One of the worst things, besides injuries or the delayment of effective treatment, is the weird ideas people get. They get exposed to a lot of half-baked ideas from practitioners with just enough knowledge to make them sound authoritative, and therefore more dangerous. They also get a large dose of skepticism against EBM, MDs and the governmental agencies that exist to protect the public. But they exercise no skepticism at all towards the practitioners who have no medical education, only homemade theories, and no better evidence than anecdotes. Quite a perversely paradoxical situation!
The Function of Well-Documented Anecdotes
The anecdotes which these shoddy practitioners use are not even clinical anecdotes, which usually have more value, because the person telling them has the background and education to determine their value and meaning. Such well-documented anecdotes can be written up as case studies, which can then be used to stimulate interest. Such interest may then lead to research. But it often requires a number of good quality anecdotes to create such an interest. Poor quality anecdotes can number in the millions, and discerning scientists will hardly raise an eyebrow.
The proper way to deal with anecdotes is to document them and write them up as case histories. A case history is a short description with whatever it was that happened, with a hypothetical explanation for why it might have happened. While the hypothetical conclusion may be based on flawless logic, it nevertheless is based on an unresearched phenomenon, and can topple as easily as a house of cards. Scientists are well aware of this, and wouldn’t dream of basing a therapy, or marketing anything, based on such a case story.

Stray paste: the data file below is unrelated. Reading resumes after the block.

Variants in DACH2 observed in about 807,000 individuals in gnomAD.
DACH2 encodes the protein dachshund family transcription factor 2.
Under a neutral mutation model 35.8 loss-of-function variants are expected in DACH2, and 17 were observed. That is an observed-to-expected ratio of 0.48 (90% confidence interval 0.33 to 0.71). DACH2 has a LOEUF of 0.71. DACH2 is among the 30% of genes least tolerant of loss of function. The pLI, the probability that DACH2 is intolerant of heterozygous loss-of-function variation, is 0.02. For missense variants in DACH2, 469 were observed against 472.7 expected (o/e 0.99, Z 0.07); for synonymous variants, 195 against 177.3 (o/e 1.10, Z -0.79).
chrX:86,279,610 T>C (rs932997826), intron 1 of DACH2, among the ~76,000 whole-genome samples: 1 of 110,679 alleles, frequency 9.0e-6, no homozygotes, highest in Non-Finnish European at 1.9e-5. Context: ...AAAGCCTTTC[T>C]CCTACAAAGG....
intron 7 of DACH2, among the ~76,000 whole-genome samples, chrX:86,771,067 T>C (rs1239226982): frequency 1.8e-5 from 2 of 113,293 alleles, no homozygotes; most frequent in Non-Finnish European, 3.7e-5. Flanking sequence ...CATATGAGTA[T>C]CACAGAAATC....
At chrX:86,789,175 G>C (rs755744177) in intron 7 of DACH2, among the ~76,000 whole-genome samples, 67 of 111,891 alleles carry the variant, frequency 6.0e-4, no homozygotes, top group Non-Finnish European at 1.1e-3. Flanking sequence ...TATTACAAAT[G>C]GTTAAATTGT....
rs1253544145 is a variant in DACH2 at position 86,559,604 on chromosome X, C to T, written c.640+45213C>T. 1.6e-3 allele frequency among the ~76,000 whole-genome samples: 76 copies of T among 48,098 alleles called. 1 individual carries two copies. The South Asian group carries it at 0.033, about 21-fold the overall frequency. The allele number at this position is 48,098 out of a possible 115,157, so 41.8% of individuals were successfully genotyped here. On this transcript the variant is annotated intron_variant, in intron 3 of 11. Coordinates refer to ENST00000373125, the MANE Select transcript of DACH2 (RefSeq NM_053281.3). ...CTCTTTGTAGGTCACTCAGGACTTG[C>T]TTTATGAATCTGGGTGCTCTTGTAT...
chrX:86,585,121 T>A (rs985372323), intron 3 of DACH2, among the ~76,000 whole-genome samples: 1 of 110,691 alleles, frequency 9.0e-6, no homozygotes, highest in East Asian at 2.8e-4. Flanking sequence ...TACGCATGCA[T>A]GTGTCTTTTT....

Writing case histories is a job for trained scientists and medical personnel. The education of these professionals should have prepared them to analyze such stories and roughly determine if there might be something to them. Such case histories prove nothing in themselves, but they can be so convincing that they can impel researchers to check them out.
Most often it turns out that there are logical errors, sampling errors, or other factors (often unknown at the time) that render the hypothesis invalid. The story stops there, and no more research is done. But sometimes the original story turns out to be the tip of an iceberg, and things of interest are revealed by the research. New knowledge is thus developed. Serendipity does play a part in some important discoveries. (And some people are prone to be serendipitous!)
sCAM is characterized by “consensus science”, which is the idea that if enough people believe in something, it must therefore be true. This is not science, and is a dangerous delusion. “Everyone is entitled to their own opinions. No one is entitled to their own facts.” – James Schlesinger. Likewise it is very easy to link cause and effect in practice because of what is seen. This does not make the correlation correct and may mislead patients and practitioners alike.
There is an important difference between the kind of evidence that is acceptable in a court of law, and that which is demanded in a scientific setting. In a court, it is common practice to pile anecdotes (which would be weakly convincing in isolation) on top of each other until they are accepted as a strong probability, and this is then accepted as sufficient evidence.
Scaremongering Causes Mass Hysteria
One of the areas where “consensus science” rules, is when private persons collect lots of sensational anecdotes regarding some vilified substance. The results are used to justify scaremongering, and can create hysteria and mass fear in the general population. Such cases have been termed “mass sociogenic illness” and “mass psychosomatic reaction” (Lancet, July 3, 1999).
Such hysterical reactions occur from time to time, and have been with us all throughout history. Here are some examples: witch hunting in Salem or Europe, fear of contaminated Coca Cola in Belgium, prejudice against gene modified plants, or suspicion directed at Aspartame, Alar, amalgam fillings, vaccines, fluoride, Roundup, UFOs, refined sugar, milk, gluten, you-name-it. Many of these fear campaigns feed on the insecurities of people in the face of new technology and the unknown.